TV: The Romeo Section (Season 2)

Canadian screenwriter Chris Haddock creates thoughtful, compulsively watchable television, and the second season of The Romeo Section matches the enjoyably twisty spy-procedural vibes of the first, as well as Haddock’s brilliant two-season series from the aughts, Intelligence. The show more or less jettisons its clunky premise in season two, making its title even more irrelevant; one has to wonder if murky branding contributed to this short-lived series’ downfall. Nevertheless, it’s another smart, complexly plotted narrative with a well realized conspiracy thriller plot.

Former CSIS asset handler Wolfgang McGee (Andrew Airlie), moving on to the private sector, undertakes an investigation for a shady government intermediary. The job: dig into a narrowly averted terrorist bombing at a Vancouver baseball stadium that occurred several years back, which left the would-be bomber dead and the suspicious smell of a cover-up. McGee enlists an erratic former colleague, Norman Rothman (Brian Markinson), to aid in his investigation, and together they begin building out a literal murder board of the angling players connected with the failed bombing—just as those same players are stepping up their activity once more. Meanwhile, local CSIS schemer Al Crenshaw (Eugene Lipinski) is hip-deep in his own shady dealings, running known Chinese double agent Lily Song (Leeah Wong) in an operation against Edmund Sproule (Chris Britton), a service rival who wants to take over as Lily’s handler—but doesn’t know she’s playing both sides. McGee’s investigatory legwork and Crenshaw’s shifty maneuvers are fatefully entangled, of course, and as they come together, they gradually expose potentially catastrophic threats to Canadian national security, which the cold, inscrutable McGee undertakes to prevent.

The Romeo Section was built on a shaky foundation, its title referring to McGee’s specialty: running agents who specialize in seducing their marks. The Song-Sproule operation aside, the inclusion of that element is even more nominal here, which is for the best. Ultimately, the season succeeds on its intersecting schemes and conspiracies, and while Airlie and Lipinski may not be the most dynamic protagonists in these affairs, they’re exceedingly credible as cold-hearted manipulators in the secret game. Markinson, meanwhile, gets a showy turn as a drug-addled gay CSIS cast-off whose erratic behavior brings much-needed emotional fire as he becomes attached to a key witness named Sonya (Laci J. Mailey). The collaboration between McGee and Norman makes for a first-rate A story, while Lipinski anchors the less dramatically successful but still compelling B story.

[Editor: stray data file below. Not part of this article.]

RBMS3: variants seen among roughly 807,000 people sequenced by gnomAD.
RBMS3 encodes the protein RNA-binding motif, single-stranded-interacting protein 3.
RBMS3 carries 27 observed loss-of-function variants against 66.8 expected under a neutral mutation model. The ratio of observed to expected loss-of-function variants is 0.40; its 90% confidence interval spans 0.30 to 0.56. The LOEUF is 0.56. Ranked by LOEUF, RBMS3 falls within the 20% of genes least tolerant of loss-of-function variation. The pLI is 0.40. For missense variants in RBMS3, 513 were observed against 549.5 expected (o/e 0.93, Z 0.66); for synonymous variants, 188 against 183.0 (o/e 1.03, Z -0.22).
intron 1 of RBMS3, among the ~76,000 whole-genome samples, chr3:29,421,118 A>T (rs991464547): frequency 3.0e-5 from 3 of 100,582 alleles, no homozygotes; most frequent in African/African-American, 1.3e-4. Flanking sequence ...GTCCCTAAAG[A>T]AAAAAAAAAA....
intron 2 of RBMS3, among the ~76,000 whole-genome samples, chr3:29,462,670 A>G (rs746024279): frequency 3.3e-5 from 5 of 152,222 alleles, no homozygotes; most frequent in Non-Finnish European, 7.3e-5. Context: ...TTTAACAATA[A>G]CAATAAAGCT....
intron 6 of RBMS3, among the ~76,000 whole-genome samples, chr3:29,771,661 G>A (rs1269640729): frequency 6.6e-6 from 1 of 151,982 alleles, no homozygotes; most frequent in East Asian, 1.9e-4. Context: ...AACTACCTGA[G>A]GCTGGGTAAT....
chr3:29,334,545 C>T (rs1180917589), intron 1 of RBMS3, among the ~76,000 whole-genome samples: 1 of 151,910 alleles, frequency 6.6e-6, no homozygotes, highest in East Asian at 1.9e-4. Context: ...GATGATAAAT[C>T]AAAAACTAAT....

Unfortunately, the chessboard is further cluttered, and it’s here the season suffers. An extensive side plot involves McGee’s former informant Rufus Decker (Juan Riedinger), who—having severed ties from McGee—inserts himself in the Vancouver criminal underworld, becoming a narcotics-trafficking middle man. Riedinger delivers good, rakish antiheroism in this thread, as Rufus embeds as a new player in a mobbed-up neighborhood. Alas, Rufus’s foot in the door is his connection to an ambitious Chinese actress named Mei Mei (Fei Ren), whose ties to overseas criminal organizations position him to distribute higher-quality product than the competition. The main problem with this tertiary crime narrative is its tenuous connection with the dominant, far more effective espionage tapestry. But more distracting is its film-within-a-film subplot involving Mei Mei, who is shooting a period historical drama about the opium wars on a local soundstage. Far too much time is spent within the film’s fictional world, and while the scenes therein may be commenting on other aspects of the story, they aren’t doing so very interestingly. These backlot sequences suck the life out of every episode, hampered by stilted performances and sluggish energy.

So, unfortunately, there are quite a few drawbacks keeping The Romeo Section from a being a top-tier spy series in an increasingly crowded field. Even so, I’d still consider it worthy of a qualified but enthusiastic honorable mention. Haddock’s confident grasp of genre tropes, lingo, and plot structure is a solid reminder that the immersive experience of Intelligence was no fluke, and the convincingly steely performances of Airlie, Lipinski, and Markinson are more than enough to propel the season past its laggy distractions. It’s easy to see why the series didn’t stick around longer, but it’s still well worth inclusion on any diehard spy buff’s watchlist.

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